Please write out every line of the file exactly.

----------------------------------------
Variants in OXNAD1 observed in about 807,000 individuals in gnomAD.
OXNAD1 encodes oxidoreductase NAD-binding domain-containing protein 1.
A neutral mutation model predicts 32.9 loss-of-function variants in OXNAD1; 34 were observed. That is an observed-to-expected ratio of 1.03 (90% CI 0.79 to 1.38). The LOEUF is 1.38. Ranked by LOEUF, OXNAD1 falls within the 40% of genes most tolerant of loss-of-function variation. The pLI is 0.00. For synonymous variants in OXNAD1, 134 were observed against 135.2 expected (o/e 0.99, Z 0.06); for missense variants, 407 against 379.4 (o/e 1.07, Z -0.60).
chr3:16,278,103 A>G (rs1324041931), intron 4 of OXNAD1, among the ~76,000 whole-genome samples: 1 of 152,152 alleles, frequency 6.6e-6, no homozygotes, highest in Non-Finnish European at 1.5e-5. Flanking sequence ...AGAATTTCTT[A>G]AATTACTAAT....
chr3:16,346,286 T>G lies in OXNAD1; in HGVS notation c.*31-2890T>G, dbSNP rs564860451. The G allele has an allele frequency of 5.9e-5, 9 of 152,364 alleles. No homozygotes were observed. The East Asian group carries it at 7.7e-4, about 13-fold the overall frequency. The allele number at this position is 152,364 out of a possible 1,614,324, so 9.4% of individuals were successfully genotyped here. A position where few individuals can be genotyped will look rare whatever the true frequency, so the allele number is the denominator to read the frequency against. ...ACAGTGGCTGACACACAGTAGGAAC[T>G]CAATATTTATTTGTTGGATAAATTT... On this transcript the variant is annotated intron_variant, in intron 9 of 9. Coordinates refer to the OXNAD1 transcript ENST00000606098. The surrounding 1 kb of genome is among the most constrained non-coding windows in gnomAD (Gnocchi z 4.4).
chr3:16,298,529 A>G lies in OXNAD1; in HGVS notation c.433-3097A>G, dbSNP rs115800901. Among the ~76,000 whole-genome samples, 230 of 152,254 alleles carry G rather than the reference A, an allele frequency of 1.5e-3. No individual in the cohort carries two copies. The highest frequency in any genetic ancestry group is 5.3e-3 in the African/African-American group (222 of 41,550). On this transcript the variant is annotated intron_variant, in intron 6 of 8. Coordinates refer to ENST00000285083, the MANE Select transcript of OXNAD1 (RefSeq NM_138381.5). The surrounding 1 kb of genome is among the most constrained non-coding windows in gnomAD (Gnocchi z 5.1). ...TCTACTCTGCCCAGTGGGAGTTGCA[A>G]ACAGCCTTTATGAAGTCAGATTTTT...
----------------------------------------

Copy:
Variants in OXNAD1 observed in about 807,000 individuals in gnomAD.
OXNAD1 encodes oxidoreductase NAD-binding domain-containing protein 1.
A neutral mutation model predicts 32.9 loss-of-function variants in OXNAD1; 34 were observed. That is an observed-to-expected ratio of 1.03 (90% CI 0.79 to 1.38). The LOEUF is 1.38. Ranked by LOEUF, OXNAD1 falls within the 40% of genes most tolerant of loss-of-function variation. The pLI is 0.00. For synonymous variants in OXNAD1, 134 were observed against 135.2 expected (o/e 0.99, Z 0.06); for missense variants, 407 against 379.4 (o/e 1.07, Z -0.60).
chr3:16,278,103 A>G (rs1324041931), intron 4 of OXNAD1, among the ~76,000 whole-genome samples: 1 of 152,152 alleles, frequency 6.6e-6, no homozygotes, highest in Non-Finnish European at 1.5e-5. Flanking sequence ...AGAATTTCTT[A>G]AATTACTAAT....
chr3:16,346,286 T>G lies in OXNAD1; in HGVS notation c.*31-2890T>G, dbSNP rs564860451. The G allele has an allele frequency of 5.9e-5, 9 of 152,364 alleles. No homozygotes were observed. The East Asian group carries it at 7.7e-4, about 13-fold the overall frequency. The allele number at this position is 152,364 out of a possible 1,614,324, so 9.4% of individuals were successfully genotyped here. A position where few individuals can be genotyped will look rare whatever the true frequency, so the allele number is the denominator to read the frequency against. ...ACAGTGGCTGACACACAGTAGGAAC[T>G]CAATATTTATTTGTTGGATAAATTT... On this transcript the variant is annotated intron_variant, in intron 9 of 9. Coordinates refer to the OXNAD1 transcript ENST00000606098. The surrounding 1 kb of genome is among the most constrained non-coding windows in gnomAD (Gnocchi z 4.4).
chr3:16,298,529 A>G lies in OXNAD1; in HGVS notation c.433-3097A>G, dbSNP rs115800901. Among the ~76,000 whole-genome samples, 230 of 152,254 alleles carry G rather than the reference A, an allele frequency of 1.5e-3. No individual in the cohort carries two copies. The highest frequency in any genetic ancestry group is 5.3e-3 in the African/African-American group (222 of 41,550). On this transcript the variant is annotated intron_variant, in intron 6 of 8. Coordinates refer to ENST00000285083, the MANE Select transcript of OXNAD1 (RefSeq NM_138381.5). The surrounding 1 kb of genome is among the most constrained non-coding windows in gnomAD (Gnocchi z 5.1). ...TCTACTCTGCCCAGTGGGAGTTGCA[A>G]ACAGCCTTTATGAAGTCAGATTTTT...